Rider Fitness: Arm Pump Prevention and Treatment
There’s nothing worse than the onset of arm pump during the final laps of a race or long ride. Your arms feel like a ton of bricks. You can’t maintain a good grip on your bike. And you practically lose all feeling from the elbow down. By the end of the ride, your arms are completely useless, and all you can do is wait for the pain and numbness to go away.
The symptoms above contribute to the ever-increasing statistic of wrecks, crashes, and low-position finishes caused by arm pump. Even today, there is no set cure for it. But there are ways you can significantly decrease the degree of the effects it has on your body. Here, I’ll show you a few of the most effective means of how to eliminate arm pump as part of your rider fitness program.
What Causes Arm Pump?
To know how to properly combat arm pump, it’s essential to have a basic understanding of why it occurs.
Arm pump occurs as the result of a build-up of “old” blood in your forearm. Your forearms are continually receiving new blood, but when they’re under intense stress (i.e., a rigorous ride), they’re not very efficient at removing old blood. So when the new blood enters, it creates a build-up of pressure in the forearm. As a result, the muscles, veins, and nerves will constrict and restrict blood flow, thus hindering your forearms’ ability to function correctly.
So the key to preventing arm pump is to condition your body to be more efficient at removing old blood, so there’s more room for new, oxygen-rich blood. The best way to make your body more efficient at old blood removal is through cardiovascular fitness conditioning.
When you’re in better cardiovascular shape, your body removes more old blood, delivers it to the lungs for oxygen replenishment, and sends it back out for delivery as “new” blood.
How to Condition Your Body to Resist Arm Pump
Many riders tend to focus on arm isolation exercises as a way to fend off arm pump. In their minds, the arm pump issue is related solely to strength. But we now know it’s more cardiovascular-related than anything else. Therefore, physical conditioning is the most effective rider fitness strategy currently available.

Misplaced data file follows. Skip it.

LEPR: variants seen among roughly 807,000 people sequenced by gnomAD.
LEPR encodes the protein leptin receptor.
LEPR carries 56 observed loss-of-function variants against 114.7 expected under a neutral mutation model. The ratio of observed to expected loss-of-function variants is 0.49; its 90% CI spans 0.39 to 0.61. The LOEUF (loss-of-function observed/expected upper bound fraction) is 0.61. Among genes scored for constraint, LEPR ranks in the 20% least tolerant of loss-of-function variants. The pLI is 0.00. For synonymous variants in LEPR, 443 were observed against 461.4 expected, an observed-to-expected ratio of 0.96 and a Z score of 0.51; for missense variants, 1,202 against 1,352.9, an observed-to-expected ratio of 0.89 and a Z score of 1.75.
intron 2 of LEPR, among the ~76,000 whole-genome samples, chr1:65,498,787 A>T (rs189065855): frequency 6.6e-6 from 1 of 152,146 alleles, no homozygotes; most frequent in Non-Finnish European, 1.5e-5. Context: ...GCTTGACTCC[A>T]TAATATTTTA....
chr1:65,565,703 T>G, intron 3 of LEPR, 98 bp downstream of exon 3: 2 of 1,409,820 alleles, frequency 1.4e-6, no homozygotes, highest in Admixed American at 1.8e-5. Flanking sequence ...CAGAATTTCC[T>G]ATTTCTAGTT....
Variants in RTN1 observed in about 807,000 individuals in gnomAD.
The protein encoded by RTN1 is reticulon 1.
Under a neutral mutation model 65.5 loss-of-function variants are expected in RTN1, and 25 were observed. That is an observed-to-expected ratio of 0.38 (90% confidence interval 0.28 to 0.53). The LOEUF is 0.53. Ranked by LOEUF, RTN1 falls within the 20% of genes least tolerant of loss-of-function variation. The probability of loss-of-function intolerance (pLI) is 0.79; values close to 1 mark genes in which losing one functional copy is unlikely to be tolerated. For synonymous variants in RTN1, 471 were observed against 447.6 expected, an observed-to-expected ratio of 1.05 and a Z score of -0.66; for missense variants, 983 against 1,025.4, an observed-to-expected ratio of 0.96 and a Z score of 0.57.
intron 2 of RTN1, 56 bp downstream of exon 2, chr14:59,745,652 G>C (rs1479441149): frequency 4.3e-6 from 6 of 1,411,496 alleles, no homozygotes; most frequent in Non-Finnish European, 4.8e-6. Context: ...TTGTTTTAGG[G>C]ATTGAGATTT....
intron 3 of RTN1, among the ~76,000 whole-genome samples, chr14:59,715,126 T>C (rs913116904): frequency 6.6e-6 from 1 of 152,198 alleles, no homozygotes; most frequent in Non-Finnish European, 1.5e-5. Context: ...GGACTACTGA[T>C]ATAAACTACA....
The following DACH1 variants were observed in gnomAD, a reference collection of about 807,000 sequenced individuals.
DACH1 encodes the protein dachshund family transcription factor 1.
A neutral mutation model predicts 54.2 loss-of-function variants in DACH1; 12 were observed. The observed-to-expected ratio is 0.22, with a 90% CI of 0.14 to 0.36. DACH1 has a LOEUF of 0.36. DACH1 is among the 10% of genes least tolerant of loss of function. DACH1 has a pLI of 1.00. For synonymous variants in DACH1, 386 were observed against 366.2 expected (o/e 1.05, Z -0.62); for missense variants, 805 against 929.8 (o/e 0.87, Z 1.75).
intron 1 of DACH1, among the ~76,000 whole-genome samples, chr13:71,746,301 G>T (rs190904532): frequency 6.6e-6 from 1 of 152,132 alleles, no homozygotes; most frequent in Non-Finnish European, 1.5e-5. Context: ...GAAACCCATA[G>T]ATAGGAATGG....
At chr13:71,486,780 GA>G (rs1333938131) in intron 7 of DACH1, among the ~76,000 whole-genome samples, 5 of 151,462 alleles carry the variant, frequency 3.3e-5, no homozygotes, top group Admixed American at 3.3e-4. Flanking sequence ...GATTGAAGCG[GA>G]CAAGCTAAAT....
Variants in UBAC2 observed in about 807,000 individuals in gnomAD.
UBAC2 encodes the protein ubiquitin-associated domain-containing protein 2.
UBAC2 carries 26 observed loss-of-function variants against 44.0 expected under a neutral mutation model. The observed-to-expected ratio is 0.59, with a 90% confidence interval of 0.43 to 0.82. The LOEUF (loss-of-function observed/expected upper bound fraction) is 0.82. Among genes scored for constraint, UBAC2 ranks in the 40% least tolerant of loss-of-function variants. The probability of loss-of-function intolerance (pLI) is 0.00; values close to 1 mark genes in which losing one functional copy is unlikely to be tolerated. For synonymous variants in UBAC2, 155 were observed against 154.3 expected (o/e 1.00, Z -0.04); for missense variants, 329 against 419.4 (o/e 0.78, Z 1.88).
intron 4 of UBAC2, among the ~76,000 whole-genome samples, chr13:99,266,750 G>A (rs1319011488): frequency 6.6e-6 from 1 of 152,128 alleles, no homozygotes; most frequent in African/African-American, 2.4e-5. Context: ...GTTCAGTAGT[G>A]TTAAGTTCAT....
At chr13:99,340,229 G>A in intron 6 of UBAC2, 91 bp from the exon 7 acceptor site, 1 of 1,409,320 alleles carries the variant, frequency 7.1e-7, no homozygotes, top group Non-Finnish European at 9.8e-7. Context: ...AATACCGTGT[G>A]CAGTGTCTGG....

Below, you’ll find a selection of the most effective tips and strategies for battling arm pump and resisting the negative effects it has on your body during a race or event.
Everyday Prevention Methods
Ride as much as possible. This is single-handedly the best way to build up resistance to arm pump. Regular riding will naturally strengthen and condition your forearms. But the key is to ride on a regular basis – at least four to five times per week.
Total body exercises. Unfortunately, many riders (myself included) can’t ride every day. If that’s the case, then a cardiovascular-focused workout is the next best option. A workout program that includes a cardio session (i.e., running, jogging, rowing, etc.) and a strength training session are the most effective arm pump exercises. But remember not to focus on isolation exercises. Instead, incorporate a total body workout regimen with compound exercises (i.e., push-ups, pull-ups, deadlifts, etc.).
Grip with your knees. Learn to grip your bike more with your knees. This tactic allows you to loosen your grip on your handlebars while still maintaining control of the bike. Knee gripping helps your forearms relax more, which promotes better blood flow.
Race/Ride Day-Specific Prevention Methods
Always warm up. Approximately 30-45 minutes before a race or event do a thorough 20-minute warm-up session. Warming up increases your heart rate and gets your blood flowing throughout your entire body.
Stay hydrated. Proper hydration is crucial to preventing not just arm pump, but also cramps and muscle fatigue in other major muscle groups. Drink between 2-3 cups of water approximately an hour before the race. Then drink one cup every 15 minutes during the race (using a camel pack, unless you’re wicked fast at pit stops).
Even after utilizing all of the prevention methods above, there’s still a possibility that arm pump will happen during a race. But you’ll find that the amount of grip pain, fatigue, and numbness will be far less severe than usual. Follow the preventative measures above as part of your rider fitness program against arm pump, and you’ll get positive results on the track and trail!
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